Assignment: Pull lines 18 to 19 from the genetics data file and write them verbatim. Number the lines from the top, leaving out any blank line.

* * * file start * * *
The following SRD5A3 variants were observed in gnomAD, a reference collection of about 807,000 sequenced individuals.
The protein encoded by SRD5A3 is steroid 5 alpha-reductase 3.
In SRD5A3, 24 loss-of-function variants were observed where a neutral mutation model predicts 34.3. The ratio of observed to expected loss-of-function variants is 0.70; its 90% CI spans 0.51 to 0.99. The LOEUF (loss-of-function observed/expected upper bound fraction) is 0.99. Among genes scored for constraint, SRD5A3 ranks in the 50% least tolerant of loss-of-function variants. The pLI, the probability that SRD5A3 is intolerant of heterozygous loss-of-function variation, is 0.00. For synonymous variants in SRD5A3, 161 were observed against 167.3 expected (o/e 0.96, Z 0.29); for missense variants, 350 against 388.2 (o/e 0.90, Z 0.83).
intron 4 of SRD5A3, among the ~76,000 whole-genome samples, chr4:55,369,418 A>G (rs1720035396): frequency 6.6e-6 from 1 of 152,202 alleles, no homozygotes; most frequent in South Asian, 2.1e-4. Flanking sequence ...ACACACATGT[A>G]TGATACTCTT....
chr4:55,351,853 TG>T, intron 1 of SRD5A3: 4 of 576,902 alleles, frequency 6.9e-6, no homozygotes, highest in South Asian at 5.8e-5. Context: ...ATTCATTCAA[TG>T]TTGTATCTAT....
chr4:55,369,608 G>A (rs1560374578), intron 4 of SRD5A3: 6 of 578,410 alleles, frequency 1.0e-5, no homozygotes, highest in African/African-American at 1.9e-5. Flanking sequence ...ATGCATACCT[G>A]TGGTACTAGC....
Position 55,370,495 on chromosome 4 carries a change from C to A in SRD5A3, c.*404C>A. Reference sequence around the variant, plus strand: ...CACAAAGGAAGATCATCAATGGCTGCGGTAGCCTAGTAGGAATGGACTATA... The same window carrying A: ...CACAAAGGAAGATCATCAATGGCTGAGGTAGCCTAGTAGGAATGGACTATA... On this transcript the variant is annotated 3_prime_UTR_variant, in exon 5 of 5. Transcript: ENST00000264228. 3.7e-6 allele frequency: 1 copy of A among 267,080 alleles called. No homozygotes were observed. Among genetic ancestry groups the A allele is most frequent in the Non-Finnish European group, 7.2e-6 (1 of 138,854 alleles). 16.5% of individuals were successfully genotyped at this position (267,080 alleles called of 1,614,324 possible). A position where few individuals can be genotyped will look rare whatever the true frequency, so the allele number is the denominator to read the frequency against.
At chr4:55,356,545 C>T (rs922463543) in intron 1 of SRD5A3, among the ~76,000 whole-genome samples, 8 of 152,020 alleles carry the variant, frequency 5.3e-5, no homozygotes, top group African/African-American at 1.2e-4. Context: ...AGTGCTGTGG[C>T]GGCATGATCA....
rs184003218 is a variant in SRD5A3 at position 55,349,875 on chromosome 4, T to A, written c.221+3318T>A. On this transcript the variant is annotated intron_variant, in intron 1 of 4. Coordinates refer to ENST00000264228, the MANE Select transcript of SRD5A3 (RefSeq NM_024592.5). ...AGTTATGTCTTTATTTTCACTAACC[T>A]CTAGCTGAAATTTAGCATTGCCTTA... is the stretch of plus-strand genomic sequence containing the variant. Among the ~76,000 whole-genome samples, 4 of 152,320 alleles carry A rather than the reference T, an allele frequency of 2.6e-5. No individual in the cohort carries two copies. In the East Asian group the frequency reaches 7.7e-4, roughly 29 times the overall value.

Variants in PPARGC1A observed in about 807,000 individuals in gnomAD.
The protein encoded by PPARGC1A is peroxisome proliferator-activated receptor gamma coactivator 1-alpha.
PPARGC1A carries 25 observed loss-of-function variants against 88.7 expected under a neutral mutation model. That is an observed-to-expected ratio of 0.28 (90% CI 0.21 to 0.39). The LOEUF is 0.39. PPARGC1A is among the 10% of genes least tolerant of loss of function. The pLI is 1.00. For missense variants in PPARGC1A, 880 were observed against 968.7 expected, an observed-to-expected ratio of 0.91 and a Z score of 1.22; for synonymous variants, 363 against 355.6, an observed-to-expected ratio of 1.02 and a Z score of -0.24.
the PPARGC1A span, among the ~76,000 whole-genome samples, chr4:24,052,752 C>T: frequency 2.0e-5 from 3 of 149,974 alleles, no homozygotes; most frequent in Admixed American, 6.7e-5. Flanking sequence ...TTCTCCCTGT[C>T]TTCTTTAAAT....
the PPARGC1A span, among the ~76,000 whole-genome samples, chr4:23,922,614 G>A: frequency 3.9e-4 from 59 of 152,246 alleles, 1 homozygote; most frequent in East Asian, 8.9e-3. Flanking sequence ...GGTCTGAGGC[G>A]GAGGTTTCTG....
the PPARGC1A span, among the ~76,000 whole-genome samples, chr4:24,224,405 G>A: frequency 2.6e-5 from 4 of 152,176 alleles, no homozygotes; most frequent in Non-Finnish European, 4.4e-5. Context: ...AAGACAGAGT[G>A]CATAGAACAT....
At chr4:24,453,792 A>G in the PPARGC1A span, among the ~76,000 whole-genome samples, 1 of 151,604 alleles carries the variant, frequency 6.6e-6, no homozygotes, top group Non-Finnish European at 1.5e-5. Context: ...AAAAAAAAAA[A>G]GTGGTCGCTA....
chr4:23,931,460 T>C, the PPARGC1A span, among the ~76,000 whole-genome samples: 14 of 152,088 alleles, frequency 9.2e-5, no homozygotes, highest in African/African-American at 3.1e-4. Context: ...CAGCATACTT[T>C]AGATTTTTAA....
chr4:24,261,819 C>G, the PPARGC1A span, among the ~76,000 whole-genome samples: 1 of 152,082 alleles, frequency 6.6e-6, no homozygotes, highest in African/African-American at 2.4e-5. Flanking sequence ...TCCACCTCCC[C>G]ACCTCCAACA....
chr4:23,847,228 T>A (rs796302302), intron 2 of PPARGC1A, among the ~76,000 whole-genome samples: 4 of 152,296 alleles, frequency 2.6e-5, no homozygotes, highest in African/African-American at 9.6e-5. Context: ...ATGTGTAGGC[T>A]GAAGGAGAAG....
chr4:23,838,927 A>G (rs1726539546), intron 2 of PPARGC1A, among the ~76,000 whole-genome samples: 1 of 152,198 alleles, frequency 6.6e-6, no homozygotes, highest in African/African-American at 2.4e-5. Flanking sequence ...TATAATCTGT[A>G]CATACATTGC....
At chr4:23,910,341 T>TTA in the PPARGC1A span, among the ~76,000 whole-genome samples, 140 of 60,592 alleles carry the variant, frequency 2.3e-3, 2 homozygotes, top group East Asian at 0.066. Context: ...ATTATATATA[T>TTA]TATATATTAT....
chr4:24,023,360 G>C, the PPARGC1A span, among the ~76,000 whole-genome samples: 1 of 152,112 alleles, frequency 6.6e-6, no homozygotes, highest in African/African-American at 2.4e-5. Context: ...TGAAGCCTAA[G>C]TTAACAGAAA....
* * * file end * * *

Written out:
chr4:24,261,819 C>G, the PPARGC1A span, among the ~76,000 whole-genome samples: 1 of 152,082 alleles, frequency 6.6e-6, no homozygotes, highest in African/African-American at 2.4e-5. Flanking sequence ...TCCACCTCCC[C>G]ACCTCCAACA....
chr4:23,847,228 T>A (rs796302302), intron 2 of PPARGC1A, among the ~76,000 whole-genome samples: 4 of 152,296 alleles, frequency 2.6e-5, no homozygotes, highest in African/African-American at 9.6e-5. Context: ...ATGTGTAGGC[T>A]GAAGGAGAAG....